Talk to malamute rescue, they won't be suitable for anyone and may not be what you hope.Training is very time consuming and you would need guidance as to how to go about it for the breed. The ones I meet down the beach with Maggie are NOT sociable ( but then border collies are snobs too so i don't take offence).
    Probably be a great pet with that in place

  4. #4
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    Why the switch from labs to malamutes? I know nothing about them from an owners point of view but from what I have read they would not be my type of dog and I would personally give them a very wide berth LOL. I would also think of some type of working activity, maybe sledding or something. I know they do that in Australia, just not sure where.
    Last edited by Kalacreek; 09-14-2014 at 11:51 AM.

  5. #5

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    For me its not so much a switch from labs. Iv always wanted one. Only reason we have labs is from guide dogs and customs foster care programs. Had a couple that couldnt continue to be trained for various reasons so we bought them. So they were more of a choice swayed by the kids who loved them. As for my self iv always had soft sport for Malamutes & Huskys. Iv met a few walking around and they seemed VERY friendly but i didn't have dogs with me.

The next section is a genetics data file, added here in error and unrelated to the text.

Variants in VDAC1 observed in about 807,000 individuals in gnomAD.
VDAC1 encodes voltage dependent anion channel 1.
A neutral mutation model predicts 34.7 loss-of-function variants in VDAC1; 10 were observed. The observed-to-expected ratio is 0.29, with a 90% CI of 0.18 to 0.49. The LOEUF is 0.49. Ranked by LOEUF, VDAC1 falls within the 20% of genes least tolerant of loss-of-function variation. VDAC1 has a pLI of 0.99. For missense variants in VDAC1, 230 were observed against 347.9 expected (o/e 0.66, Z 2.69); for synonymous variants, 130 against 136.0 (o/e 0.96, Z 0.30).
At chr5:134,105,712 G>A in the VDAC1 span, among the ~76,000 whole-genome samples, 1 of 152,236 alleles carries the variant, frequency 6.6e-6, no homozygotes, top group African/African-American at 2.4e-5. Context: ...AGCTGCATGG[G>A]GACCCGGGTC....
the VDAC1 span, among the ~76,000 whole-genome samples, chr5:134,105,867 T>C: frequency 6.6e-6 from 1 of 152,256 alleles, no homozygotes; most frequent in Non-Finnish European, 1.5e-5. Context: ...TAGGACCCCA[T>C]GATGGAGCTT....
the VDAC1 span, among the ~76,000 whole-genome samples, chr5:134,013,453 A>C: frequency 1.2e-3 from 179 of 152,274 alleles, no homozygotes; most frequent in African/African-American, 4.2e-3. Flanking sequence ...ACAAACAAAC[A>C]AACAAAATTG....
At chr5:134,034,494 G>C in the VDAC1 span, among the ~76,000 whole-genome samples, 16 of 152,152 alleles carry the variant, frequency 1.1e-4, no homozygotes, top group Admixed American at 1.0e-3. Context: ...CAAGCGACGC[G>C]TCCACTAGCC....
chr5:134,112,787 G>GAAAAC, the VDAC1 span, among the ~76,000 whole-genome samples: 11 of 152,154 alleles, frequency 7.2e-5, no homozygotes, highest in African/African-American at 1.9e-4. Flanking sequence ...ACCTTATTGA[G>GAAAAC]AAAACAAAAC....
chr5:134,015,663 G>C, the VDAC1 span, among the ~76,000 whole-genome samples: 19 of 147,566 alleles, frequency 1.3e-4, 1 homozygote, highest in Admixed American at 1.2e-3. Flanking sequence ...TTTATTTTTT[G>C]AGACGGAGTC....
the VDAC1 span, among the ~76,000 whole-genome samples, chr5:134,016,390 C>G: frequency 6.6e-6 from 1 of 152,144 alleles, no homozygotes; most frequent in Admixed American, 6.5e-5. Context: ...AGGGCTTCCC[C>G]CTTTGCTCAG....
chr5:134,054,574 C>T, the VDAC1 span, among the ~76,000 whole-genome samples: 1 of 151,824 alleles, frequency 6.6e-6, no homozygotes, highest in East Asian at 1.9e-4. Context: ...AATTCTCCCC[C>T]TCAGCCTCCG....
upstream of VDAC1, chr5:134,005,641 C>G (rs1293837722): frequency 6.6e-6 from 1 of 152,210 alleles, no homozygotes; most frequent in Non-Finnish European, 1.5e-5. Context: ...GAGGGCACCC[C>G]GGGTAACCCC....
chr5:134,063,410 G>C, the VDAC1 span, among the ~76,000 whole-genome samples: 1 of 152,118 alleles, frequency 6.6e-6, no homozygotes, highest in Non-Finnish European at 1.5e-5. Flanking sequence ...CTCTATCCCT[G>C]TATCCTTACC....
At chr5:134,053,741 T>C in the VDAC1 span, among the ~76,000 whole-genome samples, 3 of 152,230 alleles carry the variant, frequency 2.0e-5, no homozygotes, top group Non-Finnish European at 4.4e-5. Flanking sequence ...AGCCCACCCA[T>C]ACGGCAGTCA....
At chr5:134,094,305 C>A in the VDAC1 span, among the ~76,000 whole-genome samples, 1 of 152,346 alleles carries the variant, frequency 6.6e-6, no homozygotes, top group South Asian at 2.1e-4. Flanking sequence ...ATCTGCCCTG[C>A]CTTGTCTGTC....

6. #6
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    I haven't got any experience with Malamutes, but from what i've heard they need an experienced owner with a good training method. I too wouldn't ever go for a malamute, mostly because of their personality and how difficult they can be to train (so i've heard at least) but also because of their sheer size... I wouldn't want to end up with with a dog that big who won't listen to me.

    I agree, contact a rescue or breeder and get chatting to them, meet some dogs and get to know the breed. The people who are involved with the breed will be able to tell you whether they think you're up to the challenge

    I have no doubt that a well trained Malamute would be an absolutely wonderful family companion!

    Regarding grooming... I've never had any Malamutes come to my grooming business, but I can imagine they would shed quite a bit, particularly in spring. Make sure you brush regularly, gotta get out all of that loose undercoat so that the dog's coat can breathe and keep the dog comfortable, especially in summer.

  7. #7
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    I do remember when I used to walk the streets in the evening with my dogs after work occassionally meeting a male malmute. He was always on his own so obviously taking himself for a walk. He wasnt dog aggressive with my dogs and was sort of non committal friendly but you could see in his eyes he was on some sort of a mission, maybe a bitch on heat somewhere.